At that point, I told the three ladies that I am a retired Episcopal priest. I washed down the Wonder Bread with some juice and said, “Yes, mam, I respect that position. It comes from First Corinthians where Paul chose not to eat meat sacrificed to idols for the same reason.” I paused feeling a bit playful at this moment. “But as for me, I am completely out in the open with my congregations about my addiction to alcohol. I figure if they see me struggle, then we can all struggle together.”
The three women gasped with horror, and I honestly thought for a moment that I would have to call the Red Cross workers over to do CPR on three elderly ladies. After they recovered, I smiled and thanked them for the sandwich and left.
It’s great to be here with you today. As a retired priest on invitation from your rector, I have the distinct honor and privilege to visit lots of churches and make outrageous statements which the rector will have to clean up after I leave. Thank you for inviting me today.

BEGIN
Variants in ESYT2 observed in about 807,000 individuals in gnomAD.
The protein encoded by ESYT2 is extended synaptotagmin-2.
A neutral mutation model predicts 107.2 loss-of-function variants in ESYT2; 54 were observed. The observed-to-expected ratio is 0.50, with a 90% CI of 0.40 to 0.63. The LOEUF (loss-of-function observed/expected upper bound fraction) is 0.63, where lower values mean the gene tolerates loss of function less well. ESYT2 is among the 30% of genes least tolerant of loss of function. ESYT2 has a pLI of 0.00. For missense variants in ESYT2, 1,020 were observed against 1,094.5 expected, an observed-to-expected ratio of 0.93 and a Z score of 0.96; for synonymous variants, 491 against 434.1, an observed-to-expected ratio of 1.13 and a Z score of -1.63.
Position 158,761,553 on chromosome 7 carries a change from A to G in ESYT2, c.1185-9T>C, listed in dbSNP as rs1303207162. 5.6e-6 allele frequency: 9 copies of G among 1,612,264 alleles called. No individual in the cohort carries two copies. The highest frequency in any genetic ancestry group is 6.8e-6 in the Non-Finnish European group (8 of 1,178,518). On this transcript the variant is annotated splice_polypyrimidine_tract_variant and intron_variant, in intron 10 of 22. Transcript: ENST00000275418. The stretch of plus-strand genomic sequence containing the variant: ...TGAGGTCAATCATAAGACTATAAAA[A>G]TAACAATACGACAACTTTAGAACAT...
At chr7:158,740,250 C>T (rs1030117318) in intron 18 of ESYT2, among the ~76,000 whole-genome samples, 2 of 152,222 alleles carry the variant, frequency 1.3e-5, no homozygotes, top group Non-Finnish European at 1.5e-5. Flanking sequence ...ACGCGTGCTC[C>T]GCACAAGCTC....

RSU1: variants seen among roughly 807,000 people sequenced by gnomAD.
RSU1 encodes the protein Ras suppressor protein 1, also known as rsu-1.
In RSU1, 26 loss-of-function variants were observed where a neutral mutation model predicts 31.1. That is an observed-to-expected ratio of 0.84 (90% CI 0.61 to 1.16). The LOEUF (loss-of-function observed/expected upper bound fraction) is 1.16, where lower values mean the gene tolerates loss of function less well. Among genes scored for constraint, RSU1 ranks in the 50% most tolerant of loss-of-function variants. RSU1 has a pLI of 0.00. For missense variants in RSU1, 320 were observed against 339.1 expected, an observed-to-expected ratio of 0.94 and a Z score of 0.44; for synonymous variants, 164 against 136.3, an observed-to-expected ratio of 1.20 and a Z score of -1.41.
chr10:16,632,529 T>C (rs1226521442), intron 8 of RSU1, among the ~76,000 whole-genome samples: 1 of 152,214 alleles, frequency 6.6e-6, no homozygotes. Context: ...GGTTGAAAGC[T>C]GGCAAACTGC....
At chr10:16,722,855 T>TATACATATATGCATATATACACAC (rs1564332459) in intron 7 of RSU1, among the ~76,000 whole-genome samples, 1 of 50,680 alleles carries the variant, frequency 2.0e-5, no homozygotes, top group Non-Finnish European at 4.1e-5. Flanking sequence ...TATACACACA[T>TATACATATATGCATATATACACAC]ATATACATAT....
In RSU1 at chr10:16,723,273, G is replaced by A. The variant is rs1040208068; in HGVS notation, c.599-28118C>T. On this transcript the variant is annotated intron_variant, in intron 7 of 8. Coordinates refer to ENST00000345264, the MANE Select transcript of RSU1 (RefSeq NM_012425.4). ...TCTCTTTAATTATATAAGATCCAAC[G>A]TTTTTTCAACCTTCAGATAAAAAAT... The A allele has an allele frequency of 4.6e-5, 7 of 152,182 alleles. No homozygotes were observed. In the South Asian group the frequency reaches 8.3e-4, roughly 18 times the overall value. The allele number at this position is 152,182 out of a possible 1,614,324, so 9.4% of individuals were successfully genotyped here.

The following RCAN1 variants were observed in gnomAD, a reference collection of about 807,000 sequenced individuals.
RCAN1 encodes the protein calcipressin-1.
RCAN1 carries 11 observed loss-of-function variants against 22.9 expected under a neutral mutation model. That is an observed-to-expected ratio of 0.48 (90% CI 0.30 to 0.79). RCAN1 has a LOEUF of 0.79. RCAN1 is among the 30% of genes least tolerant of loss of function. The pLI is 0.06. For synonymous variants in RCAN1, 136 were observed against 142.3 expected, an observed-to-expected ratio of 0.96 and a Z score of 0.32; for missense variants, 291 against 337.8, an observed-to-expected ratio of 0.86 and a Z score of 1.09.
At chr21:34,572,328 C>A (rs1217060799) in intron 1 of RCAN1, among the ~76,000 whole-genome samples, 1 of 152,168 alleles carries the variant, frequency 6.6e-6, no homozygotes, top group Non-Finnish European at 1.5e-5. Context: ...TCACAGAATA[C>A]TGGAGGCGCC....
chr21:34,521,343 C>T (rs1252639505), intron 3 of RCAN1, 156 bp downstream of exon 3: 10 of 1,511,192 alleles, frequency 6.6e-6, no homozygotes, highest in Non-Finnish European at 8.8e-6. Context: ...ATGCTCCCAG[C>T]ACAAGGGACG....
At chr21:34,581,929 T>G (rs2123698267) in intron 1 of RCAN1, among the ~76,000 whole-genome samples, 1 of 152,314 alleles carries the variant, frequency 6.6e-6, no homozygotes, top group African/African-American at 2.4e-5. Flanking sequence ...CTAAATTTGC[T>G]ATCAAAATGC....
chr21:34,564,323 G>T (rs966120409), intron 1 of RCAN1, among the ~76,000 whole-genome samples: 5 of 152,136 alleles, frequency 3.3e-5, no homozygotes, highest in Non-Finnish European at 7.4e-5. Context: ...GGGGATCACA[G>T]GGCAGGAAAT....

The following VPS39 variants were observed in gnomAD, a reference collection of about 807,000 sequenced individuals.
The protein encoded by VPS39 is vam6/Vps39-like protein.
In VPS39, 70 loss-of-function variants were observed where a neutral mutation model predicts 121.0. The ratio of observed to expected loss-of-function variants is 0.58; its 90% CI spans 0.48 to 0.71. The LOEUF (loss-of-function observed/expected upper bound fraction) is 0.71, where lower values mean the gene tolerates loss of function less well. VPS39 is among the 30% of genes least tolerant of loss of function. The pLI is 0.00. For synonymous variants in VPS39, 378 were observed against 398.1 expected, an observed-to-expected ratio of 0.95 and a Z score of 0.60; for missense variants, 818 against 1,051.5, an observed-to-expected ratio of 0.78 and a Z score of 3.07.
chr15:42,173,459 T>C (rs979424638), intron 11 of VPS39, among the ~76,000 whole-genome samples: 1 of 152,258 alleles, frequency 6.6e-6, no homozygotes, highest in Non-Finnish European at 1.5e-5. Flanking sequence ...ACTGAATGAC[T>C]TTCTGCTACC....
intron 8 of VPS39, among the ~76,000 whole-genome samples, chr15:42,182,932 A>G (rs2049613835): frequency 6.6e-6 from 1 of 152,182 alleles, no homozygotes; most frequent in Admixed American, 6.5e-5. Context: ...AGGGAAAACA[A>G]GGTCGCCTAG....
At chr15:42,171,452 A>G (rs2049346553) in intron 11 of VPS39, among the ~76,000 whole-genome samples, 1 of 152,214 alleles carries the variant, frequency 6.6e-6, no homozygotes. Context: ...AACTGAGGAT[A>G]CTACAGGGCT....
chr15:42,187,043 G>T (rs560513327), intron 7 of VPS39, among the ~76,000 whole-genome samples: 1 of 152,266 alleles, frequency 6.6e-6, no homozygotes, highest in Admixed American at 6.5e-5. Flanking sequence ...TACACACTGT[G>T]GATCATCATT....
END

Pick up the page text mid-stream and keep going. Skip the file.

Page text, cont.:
The writer, H. L. Mencken once defined a Puritan as a person having that “haunting fear that someone, somewhere, may be happy.” And if there is one thing Episcopalians know how to do well, it is having fun. This is a little secret that 90% of the other churches out there haven’t figured out. We can be happy and have fun drinking wine every Sunday at church and a few other days of the week as well.
While we are having fun, members of other OK churches don’t recognize each other at the liquor store. You must take two of them with you fishing or if you take only one, he or she will drink all your beer. They even have a drive-up window at the liquor store named for a major church denomination. But let’s not name names. They must run around in secret pretending they don’t drink wine, but we can be fully out there with our fun beverage. They have pastors who tell people that drinking wine is forbidden by the bible. We have pastors who say no such thing and instead will pour a nice glass for you as I will today.